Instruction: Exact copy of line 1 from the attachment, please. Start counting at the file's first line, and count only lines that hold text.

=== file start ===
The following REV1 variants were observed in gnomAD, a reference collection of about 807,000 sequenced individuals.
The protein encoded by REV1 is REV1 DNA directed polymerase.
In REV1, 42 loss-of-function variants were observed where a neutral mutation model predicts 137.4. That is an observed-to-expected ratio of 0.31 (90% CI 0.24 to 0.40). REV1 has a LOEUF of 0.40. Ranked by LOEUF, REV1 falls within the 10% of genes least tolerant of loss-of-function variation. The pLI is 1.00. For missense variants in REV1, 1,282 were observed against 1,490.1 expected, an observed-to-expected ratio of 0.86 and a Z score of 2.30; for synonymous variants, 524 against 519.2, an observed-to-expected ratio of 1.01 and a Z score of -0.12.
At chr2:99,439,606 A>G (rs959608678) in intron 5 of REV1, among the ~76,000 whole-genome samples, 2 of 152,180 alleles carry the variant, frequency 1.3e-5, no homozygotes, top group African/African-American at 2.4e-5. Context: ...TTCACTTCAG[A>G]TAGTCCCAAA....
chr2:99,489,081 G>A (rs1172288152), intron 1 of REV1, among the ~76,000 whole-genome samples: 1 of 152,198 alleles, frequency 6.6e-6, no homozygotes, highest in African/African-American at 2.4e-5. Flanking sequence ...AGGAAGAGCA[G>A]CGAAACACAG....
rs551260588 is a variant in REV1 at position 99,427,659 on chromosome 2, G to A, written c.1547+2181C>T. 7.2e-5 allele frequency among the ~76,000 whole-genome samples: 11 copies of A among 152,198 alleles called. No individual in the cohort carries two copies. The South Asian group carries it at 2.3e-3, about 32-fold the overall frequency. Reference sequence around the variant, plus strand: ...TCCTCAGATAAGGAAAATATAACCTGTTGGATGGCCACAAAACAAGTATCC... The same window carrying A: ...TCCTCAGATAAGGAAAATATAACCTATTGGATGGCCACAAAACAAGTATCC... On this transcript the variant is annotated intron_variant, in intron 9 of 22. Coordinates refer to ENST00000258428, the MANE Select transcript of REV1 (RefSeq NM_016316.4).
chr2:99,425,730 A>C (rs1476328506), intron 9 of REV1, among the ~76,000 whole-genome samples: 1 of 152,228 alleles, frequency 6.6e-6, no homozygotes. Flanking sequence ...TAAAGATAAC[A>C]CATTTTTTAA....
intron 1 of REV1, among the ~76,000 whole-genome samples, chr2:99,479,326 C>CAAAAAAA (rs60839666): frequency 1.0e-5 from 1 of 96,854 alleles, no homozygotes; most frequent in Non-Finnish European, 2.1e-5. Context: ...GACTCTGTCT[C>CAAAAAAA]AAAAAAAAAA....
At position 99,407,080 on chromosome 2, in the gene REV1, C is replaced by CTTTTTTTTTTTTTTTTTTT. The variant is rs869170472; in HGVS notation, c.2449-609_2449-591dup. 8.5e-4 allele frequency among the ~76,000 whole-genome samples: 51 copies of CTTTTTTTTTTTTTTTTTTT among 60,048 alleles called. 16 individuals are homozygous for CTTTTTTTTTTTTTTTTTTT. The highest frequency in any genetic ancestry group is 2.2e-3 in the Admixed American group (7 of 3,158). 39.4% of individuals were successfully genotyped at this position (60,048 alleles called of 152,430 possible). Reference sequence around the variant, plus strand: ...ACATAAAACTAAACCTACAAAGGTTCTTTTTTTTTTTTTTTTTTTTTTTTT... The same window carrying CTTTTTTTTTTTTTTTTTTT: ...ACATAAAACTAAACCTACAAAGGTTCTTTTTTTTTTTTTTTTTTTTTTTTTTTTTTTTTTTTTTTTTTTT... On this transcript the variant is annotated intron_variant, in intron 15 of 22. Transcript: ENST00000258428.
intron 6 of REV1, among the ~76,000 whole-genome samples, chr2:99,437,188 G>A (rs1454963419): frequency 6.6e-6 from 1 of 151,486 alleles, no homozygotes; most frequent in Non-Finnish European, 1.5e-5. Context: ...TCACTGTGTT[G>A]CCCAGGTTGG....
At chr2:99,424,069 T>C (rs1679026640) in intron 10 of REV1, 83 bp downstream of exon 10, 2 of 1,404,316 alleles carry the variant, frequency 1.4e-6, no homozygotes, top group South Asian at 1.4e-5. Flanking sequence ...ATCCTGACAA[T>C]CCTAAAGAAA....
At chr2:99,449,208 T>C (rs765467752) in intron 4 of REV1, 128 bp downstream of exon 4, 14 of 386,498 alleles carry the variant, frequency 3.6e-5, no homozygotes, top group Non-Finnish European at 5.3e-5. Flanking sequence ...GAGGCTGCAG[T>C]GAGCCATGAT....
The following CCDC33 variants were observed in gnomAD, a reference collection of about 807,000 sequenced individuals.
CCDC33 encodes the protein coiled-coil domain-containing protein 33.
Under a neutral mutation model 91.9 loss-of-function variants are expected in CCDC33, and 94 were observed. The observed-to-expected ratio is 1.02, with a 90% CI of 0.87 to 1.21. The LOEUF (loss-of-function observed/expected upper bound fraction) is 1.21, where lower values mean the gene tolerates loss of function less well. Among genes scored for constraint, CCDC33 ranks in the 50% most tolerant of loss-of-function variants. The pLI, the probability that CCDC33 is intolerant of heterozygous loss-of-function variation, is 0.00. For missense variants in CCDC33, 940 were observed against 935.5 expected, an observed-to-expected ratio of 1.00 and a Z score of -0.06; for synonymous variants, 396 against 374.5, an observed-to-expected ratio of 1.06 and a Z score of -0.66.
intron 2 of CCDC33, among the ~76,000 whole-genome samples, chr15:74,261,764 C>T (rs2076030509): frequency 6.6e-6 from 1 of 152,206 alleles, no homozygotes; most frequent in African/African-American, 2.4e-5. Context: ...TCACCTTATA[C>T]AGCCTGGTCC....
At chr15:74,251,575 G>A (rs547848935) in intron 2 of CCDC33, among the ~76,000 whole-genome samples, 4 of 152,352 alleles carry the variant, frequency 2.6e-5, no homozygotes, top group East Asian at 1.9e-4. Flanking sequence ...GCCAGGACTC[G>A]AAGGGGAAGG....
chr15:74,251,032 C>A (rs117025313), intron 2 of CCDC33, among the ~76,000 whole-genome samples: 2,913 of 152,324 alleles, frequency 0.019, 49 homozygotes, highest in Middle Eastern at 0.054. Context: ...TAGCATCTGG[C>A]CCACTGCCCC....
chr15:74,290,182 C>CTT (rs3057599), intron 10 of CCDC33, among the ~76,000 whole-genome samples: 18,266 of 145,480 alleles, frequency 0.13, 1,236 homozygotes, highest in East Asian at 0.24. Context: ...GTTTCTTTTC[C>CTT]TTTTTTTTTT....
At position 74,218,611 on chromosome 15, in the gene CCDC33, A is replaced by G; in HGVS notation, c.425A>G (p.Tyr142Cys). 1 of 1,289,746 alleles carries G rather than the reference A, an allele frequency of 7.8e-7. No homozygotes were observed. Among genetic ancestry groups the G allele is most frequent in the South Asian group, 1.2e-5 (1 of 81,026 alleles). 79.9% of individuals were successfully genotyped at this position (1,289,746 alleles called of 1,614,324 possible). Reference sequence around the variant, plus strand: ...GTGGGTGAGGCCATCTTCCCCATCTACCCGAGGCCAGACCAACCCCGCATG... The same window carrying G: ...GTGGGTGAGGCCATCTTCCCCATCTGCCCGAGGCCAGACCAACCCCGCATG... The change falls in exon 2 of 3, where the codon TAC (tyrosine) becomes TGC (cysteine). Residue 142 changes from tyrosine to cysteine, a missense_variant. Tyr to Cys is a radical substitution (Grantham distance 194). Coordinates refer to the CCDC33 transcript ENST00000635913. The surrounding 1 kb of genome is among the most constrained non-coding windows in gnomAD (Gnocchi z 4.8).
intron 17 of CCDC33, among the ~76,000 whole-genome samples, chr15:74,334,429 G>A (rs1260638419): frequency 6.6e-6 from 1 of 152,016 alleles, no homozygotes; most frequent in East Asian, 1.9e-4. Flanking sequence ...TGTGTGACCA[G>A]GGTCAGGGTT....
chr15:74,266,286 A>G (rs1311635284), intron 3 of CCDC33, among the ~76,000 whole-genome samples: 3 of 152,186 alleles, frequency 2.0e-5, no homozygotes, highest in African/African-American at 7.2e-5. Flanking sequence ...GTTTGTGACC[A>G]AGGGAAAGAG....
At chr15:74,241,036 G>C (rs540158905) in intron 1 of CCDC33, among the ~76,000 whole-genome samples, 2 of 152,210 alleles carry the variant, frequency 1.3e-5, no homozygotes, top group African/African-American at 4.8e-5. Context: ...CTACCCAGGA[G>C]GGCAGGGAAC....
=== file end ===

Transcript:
The following REV1 variants were observed in gnomAD, a reference collection of about 807,000 sequenced individuals.